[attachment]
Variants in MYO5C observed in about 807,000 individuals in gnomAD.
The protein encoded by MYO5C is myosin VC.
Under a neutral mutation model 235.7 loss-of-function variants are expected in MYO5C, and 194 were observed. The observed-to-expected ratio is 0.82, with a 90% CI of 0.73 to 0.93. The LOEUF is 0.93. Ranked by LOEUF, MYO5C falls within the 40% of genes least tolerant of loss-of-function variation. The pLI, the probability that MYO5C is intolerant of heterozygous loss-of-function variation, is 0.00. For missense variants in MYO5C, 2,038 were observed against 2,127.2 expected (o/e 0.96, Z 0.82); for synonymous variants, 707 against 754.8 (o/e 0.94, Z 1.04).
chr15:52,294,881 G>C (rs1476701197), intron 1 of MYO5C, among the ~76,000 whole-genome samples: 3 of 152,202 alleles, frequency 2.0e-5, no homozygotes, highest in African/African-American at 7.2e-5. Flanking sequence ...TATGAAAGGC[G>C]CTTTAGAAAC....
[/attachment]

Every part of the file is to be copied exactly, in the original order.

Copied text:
Variants in MYO5C observed in about 807,000 individuals in gnomAD.
The protein encoded by MYO5C is myosin VC.
Under a neutral mutation model 235.7 loss-of-function variants are expected in MYO5C, and 194 were observed. The observed-to-expected ratio is 0.82, with a 90% CI of 0.73 to 0.93. The LOEUF is 0.93. Ranked by LOEUF, MYO5C falls within the 40% of genes least tolerant of loss-of-function variation. The pLI, the probability that MYO5C is intolerant of heterozygous loss-of-function variation, is 0.00. For missense variants in MYO5C, 2,038 were observed against 2,127.2 expected (o/e 0.96, Z 0.82); for synonymous variants, 707 against 754.8 (o/e 0.94, Z 1.04).
chr15:52,294,881 G>C (rs1476701197), intron 1 of MYO5C, among the ~76,000 whole-genome samples: 3 of 152,202 alleles, frequency 2.0e-5, no homozygotes, highest in African/African-American at 7.2e-5. Flanking sequence ...TATGAAAGGC[G>C]CTTTAGAAAC....